Asks for $1 million after proposal sidelined
A development firm that in 2017 proposed a 30-building, 463-unit development on Route 9D just outside of Beacon filed a lawsuit against the Town of Fishkill last week, asking for $1 million after the Town Board sidelined the project.
The suit, filed in state court on July 9, also names the Town Board and Supervisor Ozzy Albra, who was elected last year after campaigning against the project.
The lawsuit alleges that the town violated an earlier agreement made with the developer, Hudson View Park Co., when in April it ended the review of a rezoning request made in conjunction with the proposal, called Rolling Hills at Fishkill. The developer wants the town to reimburse it for what it says has been more than $1 million in costs during the application and review process.
The town responded that a 2017 memo outlining a series of “good-faith commitments” by the Town Board, including consideration of rezoning 16 acres of the 57-acre project to allow for more housing units, “improperly and illegally” bound the town “eternally” to its terms. Only one board member, Ori Brachfeld, remains from the 2017 board that approved the agreement.
If approved, the development would be built on two parcels, one with frontage on 9D just north of the Mount Gulian Historic Site. The larger of the parcels is zoned residential while the 9D land is in a business district.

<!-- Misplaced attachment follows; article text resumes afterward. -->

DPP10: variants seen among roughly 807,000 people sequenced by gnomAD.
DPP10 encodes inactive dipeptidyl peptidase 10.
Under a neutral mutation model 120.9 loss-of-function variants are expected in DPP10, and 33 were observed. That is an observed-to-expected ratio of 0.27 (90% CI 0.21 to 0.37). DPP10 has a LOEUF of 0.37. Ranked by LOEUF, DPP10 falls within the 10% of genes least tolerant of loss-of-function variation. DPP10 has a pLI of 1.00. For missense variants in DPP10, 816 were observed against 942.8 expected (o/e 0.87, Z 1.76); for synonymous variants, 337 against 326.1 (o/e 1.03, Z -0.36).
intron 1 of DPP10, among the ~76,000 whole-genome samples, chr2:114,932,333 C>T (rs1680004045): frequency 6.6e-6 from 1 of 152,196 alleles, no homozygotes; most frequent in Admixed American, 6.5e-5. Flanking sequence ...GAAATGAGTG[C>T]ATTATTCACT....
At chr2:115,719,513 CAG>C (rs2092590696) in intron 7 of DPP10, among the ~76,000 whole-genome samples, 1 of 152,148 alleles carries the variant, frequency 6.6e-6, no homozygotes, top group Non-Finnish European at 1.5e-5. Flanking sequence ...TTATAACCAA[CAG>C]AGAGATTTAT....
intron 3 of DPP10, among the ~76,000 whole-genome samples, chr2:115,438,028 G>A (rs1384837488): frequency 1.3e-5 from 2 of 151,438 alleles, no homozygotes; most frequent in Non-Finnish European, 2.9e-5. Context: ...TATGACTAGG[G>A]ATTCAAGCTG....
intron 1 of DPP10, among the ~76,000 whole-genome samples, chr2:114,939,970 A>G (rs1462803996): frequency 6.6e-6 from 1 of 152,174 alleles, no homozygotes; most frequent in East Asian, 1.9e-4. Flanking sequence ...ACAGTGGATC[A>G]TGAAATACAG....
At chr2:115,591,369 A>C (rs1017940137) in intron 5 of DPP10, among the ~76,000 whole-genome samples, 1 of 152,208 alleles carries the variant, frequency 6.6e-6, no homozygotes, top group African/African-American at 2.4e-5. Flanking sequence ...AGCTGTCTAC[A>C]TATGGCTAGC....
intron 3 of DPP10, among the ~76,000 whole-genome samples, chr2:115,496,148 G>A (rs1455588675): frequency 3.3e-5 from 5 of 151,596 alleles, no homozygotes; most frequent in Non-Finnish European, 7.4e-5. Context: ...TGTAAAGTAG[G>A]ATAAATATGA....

As envisioned, Rolling Hills would include 68 affordable-housing units and 24,000 square feet of retail. It would draw water from Beacon and residents would send their children to Beacon schools. The developer would likely be required by the state to install a traffic-calming device — possibly a traffic circle — on Route 9D, while 55 percent of the land would remain open, with walking trails.
Project officials had asked the Town Board to rezone the smaller parcel for residential construction, but the board on April 1 voted unanimously to drop its review of the request.
Attorney Michael Zarin, who represents the developers, said Wednesday that Fishkill officials breached the 2017 agreement, which says that the town wouldn’t terminate its review “until it reaches a final determination on the merits in its legislative judgment regarding the best interests of the town based upon empirical data and other objective factual bases.”
He said the wording is common in agreements between municipalities and developers, acknowledging that the board has the authority to decide on a rezoning request but must guarantee it will “play out [the review] to the end.”
The town maintains that the current Town Board shouldn’t be bound by an agreement authorized by a previous board.
“Agreement” being the key word: Not a binding contract. Here’s how some developers operate now: 1) Ask for multiple variances far in excess of existing zoning, and 2) File a lawsuit when denied.